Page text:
|Publication number||US5982799 A|
|Application number||US 08/818,264|
|Publication date||Nov 9, 1999|
|Filing date||Mar 17, 1997|
|Priority date||Sep 14, 1994|
|Publication number||08818264, 818264, US 5982799 A, US 5982799A, US-A-5982799, US5982799 A, US5982799A|
|Inventors||David P. Bour, Ross D. Bringans|
|Original Assignee||Xerox Corporation|
|Export Citation||BiBTeX, EndNote, RefMan|
|Patent Citations (14), Non-Patent Citations (6), Referenced by (28), Classifications (14), Legal Events (5)|
|External Links: USPTO, USPTO Assignment, Espacenet|
This application is a continuation of application Ser. No. 08/306,038, filed Sep. 14, 1994, now abandoned.
Commonly assigned patent application Ser. No. 08/158,250, filed Nov. 29, 1993, now abandoned entitled "Multiple Wavelength, Dual Polarization Laser Diode Arrays" in the names of: D. Bour, K. Beernink and R. Thornton (XRX-142).
This invention relates to multiple-wavelength laser diode arrays having quantum well (QW) active regions.
For a laser diode with a quantum well (QW) active region, the wavelength (λ) is dependent upon the threshold current density (σ), as shown in FIG. 1. See for example, Chinn et al., IEEE Journal of Quantum Electronics, 24, 2191 (1988) whose contents are herein incorporated by reference. Basically, as the threshold gain increases, the threshold carrier density (and therefore the threshold current) must also increase corresponding to greater filling of the states in the conduction band and the valence band. Therefore, at higher carrier densities, the spectral range over which the gain is positive extends out to higher energies. And due to the gain's spectral broadening (associated with intraband carrier scattering), the gain peak shifts with the QW carrier density to higher energy (shorter wavelength). Furthermore, when the bands fill enough so that the n=2 state begins to deliver gain, the gain at the n=2 transition wavelength can be greater than that at the n=1 (ground state) transition wavelength. This is so because the n=1 state provides gain at the (shorter) n=2 transition wavelength, which adds to the gain provided by the n=2 transition.
This bandfilling up to the n=2 state, can then lead to interesting behavior. As the gain peak blue-shifts continuously with higher carrier densities, it can additionally undergo a large and discontinuous blue-shift. Such a large shift is associated with a shift from the n=1 transition to the n=2 transition.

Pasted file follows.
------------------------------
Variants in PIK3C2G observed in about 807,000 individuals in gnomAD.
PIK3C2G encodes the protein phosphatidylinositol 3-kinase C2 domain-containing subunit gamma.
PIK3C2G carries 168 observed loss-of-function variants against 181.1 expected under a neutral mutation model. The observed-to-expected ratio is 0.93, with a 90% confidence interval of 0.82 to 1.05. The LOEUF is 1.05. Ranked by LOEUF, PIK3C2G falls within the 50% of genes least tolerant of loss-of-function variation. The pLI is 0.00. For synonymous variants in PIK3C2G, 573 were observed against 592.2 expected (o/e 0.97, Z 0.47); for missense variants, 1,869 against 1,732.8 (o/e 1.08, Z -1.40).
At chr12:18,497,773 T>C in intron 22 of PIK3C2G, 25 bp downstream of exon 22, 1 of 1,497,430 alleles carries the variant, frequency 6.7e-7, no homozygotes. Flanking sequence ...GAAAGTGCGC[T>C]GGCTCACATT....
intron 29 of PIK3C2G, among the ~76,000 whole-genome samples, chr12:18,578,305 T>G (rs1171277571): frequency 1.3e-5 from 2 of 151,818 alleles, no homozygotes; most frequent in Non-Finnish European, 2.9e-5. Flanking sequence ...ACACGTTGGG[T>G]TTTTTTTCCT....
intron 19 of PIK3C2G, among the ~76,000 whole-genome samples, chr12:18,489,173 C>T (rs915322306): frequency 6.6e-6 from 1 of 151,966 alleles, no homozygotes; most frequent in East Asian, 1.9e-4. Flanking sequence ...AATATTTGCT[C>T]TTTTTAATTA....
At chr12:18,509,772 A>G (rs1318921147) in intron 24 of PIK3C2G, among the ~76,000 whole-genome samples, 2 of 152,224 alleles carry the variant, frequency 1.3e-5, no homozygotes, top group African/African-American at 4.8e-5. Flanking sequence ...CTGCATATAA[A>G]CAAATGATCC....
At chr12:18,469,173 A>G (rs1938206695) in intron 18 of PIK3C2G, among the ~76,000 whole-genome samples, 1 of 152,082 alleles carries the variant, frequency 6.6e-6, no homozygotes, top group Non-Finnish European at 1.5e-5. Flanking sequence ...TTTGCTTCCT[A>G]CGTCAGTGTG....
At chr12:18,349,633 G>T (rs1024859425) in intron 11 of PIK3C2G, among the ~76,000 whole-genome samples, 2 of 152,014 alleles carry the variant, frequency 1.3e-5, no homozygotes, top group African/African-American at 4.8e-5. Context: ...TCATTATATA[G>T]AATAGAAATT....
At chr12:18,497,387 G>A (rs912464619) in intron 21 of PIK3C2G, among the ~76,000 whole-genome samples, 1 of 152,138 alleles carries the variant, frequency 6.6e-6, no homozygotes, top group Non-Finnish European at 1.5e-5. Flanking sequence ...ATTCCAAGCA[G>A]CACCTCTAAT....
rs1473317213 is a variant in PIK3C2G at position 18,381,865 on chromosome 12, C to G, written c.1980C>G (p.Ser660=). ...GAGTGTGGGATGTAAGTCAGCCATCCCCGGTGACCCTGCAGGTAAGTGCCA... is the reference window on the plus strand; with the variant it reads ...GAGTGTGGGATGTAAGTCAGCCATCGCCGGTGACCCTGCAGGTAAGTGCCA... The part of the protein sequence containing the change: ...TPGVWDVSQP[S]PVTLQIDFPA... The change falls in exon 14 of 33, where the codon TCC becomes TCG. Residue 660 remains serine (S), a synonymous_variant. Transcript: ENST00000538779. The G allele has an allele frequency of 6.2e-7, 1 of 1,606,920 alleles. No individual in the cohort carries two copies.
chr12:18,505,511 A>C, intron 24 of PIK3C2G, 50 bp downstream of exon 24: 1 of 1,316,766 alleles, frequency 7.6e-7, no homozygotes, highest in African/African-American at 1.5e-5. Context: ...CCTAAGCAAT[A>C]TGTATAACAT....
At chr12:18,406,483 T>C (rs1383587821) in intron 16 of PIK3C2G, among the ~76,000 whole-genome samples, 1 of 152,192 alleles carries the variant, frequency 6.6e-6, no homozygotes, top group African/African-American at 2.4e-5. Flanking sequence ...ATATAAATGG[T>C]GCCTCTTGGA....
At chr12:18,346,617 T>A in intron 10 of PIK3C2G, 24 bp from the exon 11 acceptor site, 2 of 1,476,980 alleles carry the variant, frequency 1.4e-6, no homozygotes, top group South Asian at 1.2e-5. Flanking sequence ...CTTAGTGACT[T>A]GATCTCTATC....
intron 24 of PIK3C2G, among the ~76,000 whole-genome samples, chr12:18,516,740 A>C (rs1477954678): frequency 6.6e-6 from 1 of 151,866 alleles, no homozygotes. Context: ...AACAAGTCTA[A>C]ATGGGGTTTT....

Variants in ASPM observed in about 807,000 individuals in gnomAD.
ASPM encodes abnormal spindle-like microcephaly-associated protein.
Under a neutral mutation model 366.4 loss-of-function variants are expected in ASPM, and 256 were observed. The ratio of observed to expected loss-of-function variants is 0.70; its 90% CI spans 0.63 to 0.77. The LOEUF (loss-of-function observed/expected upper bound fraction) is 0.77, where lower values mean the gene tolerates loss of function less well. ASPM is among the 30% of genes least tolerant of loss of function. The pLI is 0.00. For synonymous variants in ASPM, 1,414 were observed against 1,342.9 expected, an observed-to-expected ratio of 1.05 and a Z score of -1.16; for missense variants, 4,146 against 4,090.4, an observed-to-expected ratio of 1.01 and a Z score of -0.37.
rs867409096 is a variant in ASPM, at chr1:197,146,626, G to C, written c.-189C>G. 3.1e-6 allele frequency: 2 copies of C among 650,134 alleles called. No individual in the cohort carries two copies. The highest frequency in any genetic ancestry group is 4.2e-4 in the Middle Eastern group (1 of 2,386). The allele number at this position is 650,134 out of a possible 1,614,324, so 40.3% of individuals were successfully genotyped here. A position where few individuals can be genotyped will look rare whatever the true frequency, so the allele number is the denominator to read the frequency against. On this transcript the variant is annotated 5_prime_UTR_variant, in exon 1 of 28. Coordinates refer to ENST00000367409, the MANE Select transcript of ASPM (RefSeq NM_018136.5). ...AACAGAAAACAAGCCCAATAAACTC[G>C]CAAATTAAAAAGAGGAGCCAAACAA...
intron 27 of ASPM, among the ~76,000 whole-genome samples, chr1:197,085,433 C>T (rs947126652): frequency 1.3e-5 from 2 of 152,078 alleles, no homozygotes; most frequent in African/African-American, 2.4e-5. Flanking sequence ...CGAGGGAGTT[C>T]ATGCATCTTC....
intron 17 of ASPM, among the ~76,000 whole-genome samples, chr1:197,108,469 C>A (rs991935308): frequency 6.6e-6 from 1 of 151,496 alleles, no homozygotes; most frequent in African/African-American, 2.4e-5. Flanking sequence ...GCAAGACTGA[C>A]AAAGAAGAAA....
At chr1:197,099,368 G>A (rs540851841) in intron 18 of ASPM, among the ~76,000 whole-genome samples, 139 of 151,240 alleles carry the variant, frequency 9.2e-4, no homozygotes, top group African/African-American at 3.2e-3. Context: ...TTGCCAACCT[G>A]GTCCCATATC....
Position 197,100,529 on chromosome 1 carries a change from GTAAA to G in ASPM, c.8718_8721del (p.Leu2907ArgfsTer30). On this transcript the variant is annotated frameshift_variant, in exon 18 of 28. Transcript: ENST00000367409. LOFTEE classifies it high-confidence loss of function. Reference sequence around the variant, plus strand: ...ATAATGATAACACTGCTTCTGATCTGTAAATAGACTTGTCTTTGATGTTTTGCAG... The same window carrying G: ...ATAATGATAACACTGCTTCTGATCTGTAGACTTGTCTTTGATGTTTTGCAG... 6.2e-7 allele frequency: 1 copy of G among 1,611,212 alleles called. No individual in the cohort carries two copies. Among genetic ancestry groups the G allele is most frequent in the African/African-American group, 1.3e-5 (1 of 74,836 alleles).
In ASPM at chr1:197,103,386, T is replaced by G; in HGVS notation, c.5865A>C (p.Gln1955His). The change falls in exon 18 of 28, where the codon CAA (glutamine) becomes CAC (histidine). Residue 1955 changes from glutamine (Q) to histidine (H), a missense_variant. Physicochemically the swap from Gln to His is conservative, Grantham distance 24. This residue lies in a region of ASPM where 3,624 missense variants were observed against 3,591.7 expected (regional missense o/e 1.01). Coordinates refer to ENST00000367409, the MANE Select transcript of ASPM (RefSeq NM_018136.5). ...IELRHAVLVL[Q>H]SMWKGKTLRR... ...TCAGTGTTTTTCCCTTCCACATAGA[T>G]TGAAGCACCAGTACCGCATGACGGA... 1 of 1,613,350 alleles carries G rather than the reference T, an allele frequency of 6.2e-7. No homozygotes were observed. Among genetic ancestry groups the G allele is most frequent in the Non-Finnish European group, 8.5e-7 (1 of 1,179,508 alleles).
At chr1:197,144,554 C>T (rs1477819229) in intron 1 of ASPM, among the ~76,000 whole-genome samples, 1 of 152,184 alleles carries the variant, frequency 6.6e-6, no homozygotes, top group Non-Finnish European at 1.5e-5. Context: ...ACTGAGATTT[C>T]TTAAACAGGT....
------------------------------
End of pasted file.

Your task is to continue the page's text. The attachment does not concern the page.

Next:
There is an important need in the art for a multiple wavelength laser diode array providing closely-spaced laser-emitting spots but of different wavelengths that can be optically separated, as in the optical system of certain printers. Multiple-element laser diode arrays are being developed for color and highlight-color xerography. For these applications, the emission from individual elements of the array must be easily and entirely separable, for instance through cross-polarizations or different wavelengths. Different schemes have been proposed to achieve such a structure. One such scheme using band-filling is described in Appl. Phys. Lett, 51 (21), Nov. 23, 1987, 1664-1666. In the scheme described in this publication, a graded-index waveguide separate-confinement heterostructure (GRIN SCH) comprises active regions of a single quantum well (QW) of GaAs divided into twin stripes by waveguide sections formed by Zn impurity-induced disordering. The stripes have different widths, and the generated photons spread into the Zn-disordered regions to different degrees. The high concentration of the Zn acceptors and free holes scatters the photons and thus subjects the lasing stripes of different width to different degrees of losses. As explained in the publication, one stripe can thus be caused to lase at the n=1 transition, and due to band filling, the other (narrower) stripe can be caused to lase at the n=2 transition at a shorter wavelength.
Certain disadvantages are experienced with the scheme described in the publication. One disadvantage is that it is not applicable to other kinds of diode laser geometries, such as a selectively buried ridge (SBR) waveguide laser. Secondly, the loss mechanism described for the effect desired is excessive. As noted in the publication, the threshold current for both lasers was excessive. Thirdly, no explanation is given in the publication how to apply the described scheme to a different material system, specifically the AlGaInP system which lases at wavelengths that are particularly desirable for certain printing applications.
An object of the invention is an improved multiple wavelength diode laser array.
A further object of the invention is a multiple wavelength diode laser array exhibiting lower threshold current.
Another object of the invention is a multiple wavelength diode laser array of the SBR type.
Still a further object of the invention is a multiple wavelength diode laser array in the AlGaInP material system.